Surrounded by the sea on three sides and extremely difficult to reach, the Rione Terra fortress was the site of the Roman colony of Puteoli in 194 BC. Today's regular urban layout bears witness to the layout of the ancient city, structured according to a system of orthogonal axes with two main streets: traditionally, the decumanus maximus of the colony is identified with the artery of Via Duomo, where it is still possible to see the ancient paving stones under the modern street; the cardo maximus is identified, instead, with Via del Vescovado.
As far as the republican period is concerned, little evidence has been found so far: sections of the city walls, which followed a course dictated by the course of the tuffaceous bank, as well as some rooms with polygonal tuff walls and barrel vaults made of tuff scales, found under the Episcopio.
Numerous buildings, granaries (horrea) and shops (tabernae), rebuilt in opus reticulatum in the Augustan period, were found along the decumanus in 194 BC; the highest level of the sites is occupied by a bath complex with opus sectile floors, while the foundations consist of large cisterns excavated in the tuffaceous bank of the hill. The buildings are connected to the street by a portico formed by opus latericium pillars on piperno base cubes, dating back to the time of Nero and Vespasian.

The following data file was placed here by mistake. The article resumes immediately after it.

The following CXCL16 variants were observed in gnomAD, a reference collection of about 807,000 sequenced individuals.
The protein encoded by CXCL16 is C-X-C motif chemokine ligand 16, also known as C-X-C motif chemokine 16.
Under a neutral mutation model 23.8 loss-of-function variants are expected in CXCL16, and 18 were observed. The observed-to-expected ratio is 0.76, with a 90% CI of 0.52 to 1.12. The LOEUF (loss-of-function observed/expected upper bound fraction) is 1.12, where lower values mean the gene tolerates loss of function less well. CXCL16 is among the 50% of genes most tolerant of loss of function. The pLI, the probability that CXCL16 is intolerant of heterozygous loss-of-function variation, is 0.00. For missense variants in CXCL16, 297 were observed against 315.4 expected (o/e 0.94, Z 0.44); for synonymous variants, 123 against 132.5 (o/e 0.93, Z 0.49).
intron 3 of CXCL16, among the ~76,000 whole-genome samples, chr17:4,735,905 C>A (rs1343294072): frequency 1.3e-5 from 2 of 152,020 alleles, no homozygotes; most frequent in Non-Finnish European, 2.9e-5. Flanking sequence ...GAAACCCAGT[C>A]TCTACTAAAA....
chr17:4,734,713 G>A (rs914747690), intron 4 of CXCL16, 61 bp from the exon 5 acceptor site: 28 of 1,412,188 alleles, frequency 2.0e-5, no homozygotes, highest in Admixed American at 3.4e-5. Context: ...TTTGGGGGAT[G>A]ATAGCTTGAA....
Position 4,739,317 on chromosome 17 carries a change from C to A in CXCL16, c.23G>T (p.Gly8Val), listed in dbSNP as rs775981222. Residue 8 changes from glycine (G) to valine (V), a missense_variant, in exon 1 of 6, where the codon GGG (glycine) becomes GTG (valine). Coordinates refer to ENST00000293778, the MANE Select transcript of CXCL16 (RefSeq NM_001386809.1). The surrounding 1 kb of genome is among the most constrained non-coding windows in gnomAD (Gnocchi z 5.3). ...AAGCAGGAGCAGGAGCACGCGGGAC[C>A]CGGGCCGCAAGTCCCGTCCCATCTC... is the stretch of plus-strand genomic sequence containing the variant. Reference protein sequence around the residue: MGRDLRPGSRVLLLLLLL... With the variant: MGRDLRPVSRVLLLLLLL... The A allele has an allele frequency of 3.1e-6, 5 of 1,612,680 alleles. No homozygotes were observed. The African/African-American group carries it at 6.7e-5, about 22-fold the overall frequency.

On the north side of the same decumanus, before arriving at the city temple, there is a public building whose original function is unknown, but which in late antiquity was used as a pistrinum (milling and bread-making workshop) and equipped with millstones made of leucitic stone, found on site.
On the south side of the decumanus, at basement level, is a large complex consisting of four side-by-side cryptoporticus, oriented North/South, with a rectangular plan and barrel vault, dating back to the first decades of the 2nd century BC. In the Augustan age, a fifth cryptoporticus was added, orthogonal to the others, oriented East/West and parallel to the decumanus maximus. From this area come the 'opera nobilia' sculptures, which formed a kind of museum itinerary intended to embellish the Augustan complex of the acropolis and which are now exhibited, together with other finds, at the Archaeological Museum of the Phlegraean Fields in Baia.